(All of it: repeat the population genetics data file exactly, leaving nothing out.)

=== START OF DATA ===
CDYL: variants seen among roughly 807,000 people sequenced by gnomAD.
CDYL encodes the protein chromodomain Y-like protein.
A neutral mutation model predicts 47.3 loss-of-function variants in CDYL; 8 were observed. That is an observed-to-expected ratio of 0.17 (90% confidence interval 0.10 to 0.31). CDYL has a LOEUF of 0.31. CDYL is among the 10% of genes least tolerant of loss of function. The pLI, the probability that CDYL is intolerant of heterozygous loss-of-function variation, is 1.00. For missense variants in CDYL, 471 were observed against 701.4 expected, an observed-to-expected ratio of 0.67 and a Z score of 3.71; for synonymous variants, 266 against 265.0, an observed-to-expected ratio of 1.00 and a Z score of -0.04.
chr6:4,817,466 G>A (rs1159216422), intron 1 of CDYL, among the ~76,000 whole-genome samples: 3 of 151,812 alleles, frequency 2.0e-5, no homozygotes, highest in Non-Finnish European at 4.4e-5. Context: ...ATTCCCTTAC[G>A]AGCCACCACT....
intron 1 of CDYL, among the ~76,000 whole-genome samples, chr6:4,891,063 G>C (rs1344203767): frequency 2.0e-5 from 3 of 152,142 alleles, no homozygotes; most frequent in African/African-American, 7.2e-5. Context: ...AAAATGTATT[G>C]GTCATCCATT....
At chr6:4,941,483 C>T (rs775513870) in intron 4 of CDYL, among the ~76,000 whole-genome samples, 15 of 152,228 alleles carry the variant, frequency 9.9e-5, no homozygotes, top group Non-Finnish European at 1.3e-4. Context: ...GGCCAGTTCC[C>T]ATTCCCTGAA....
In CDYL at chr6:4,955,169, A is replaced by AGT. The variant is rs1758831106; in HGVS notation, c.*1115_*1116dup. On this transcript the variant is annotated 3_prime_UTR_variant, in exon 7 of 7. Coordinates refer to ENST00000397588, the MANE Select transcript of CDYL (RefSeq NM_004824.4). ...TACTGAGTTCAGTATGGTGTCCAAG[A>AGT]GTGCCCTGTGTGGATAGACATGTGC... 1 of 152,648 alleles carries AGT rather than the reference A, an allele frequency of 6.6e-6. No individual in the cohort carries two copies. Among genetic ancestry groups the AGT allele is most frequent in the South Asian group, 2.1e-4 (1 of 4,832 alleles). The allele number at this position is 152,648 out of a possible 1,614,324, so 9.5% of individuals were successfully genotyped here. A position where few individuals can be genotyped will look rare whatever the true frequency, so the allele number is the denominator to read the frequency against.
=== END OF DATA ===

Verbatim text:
CDYL: variants seen among roughly 807,000 people sequenced by gnomAD.
CDYL encodes the protein chromodomain Y-like protein.
A neutral mutation model predicts 47.3 loss-of-function variants in CDYL; 8 were observed. That is an observed-to-expected ratio of 0.17 (90% confidence interval 0.10 to 0.31). CDYL has a LOEUF of 0.31. CDYL is among the 10% of genes least tolerant of loss of function. The pLI, the probability that CDYL is intolerant of heterozygous loss-of-function variation, is 1.00. For missense variants in CDYL, 471 were observed against 701.4 expected, an observed-to-expected ratio of 0.67 and a Z score of 3.71; for synonymous variants, 266 against 265.0, an observed-to-expected ratio of 1.00 and a Z score of -0.04.
chr6:4,817,466 G>A (rs1159216422), intron 1 of CDYL, among the ~76,000 whole-genome samples: 3 of 151,812 alleles, frequency 2.0e-5, no homozygotes, highest in Non-Finnish European at 4.4e-5. Context: ...ATTCCCTTAC[G>A]AGCCACCACT....
intron 1 of CDYL, among the ~76,000 whole-genome samples, chr6:4,891,063 G>C (rs1344203767): frequency 2.0e-5 from 3 of 152,142 alleles, no homozygotes; most frequent in African/African-American, 7.2e-5. Context: ...AAAATGTATT[G>C]GTCATCCATT....
At chr6:4,941,483 C>T (rs775513870) in intron 4 of CDYL, among the ~76,000 whole-genome samples, 15 of 152,228 alleles carry the variant, frequency 9.9e-5, no homozygotes, top group Non-Finnish European at 1.3e-4. Context: ...GGCCAGTTCC[C>T]ATTCCCTGAA....
In CDYL at chr6:4,955,169, A is replaced by AGT. The variant is rs1758831106; in HGVS notation, c.*1115_*1116dup. On this transcript the variant is annotated 3_prime_UTR_variant, in exon 7 of 7. Coordinates refer to ENST00000397588, the MANE Select transcript of CDYL (RefSeq NM_004824.4). ...TACTGAGTTCAGTATGGTGTCCAAG[A>AGT]GTGCCCTGTGTGGATAGACATGTGC... 1 of 152,648 alleles carries AGT rather than the reference A, an allele frequency of 6.6e-6. No individual in the cohort carries two copies. Among genetic ancestry groups the AGT allele is most frequent in the South Asian group, 2.1e-4 (1 of 4,832 alleles). The allele number at this position is 152,648 out of a possible 1,614,324, so 9.5% of individuals were successfully genotyped here. A position where few individuals can be genotyped will look rare whatever the true frequency, so the allele number is the denominator to read the frequency against.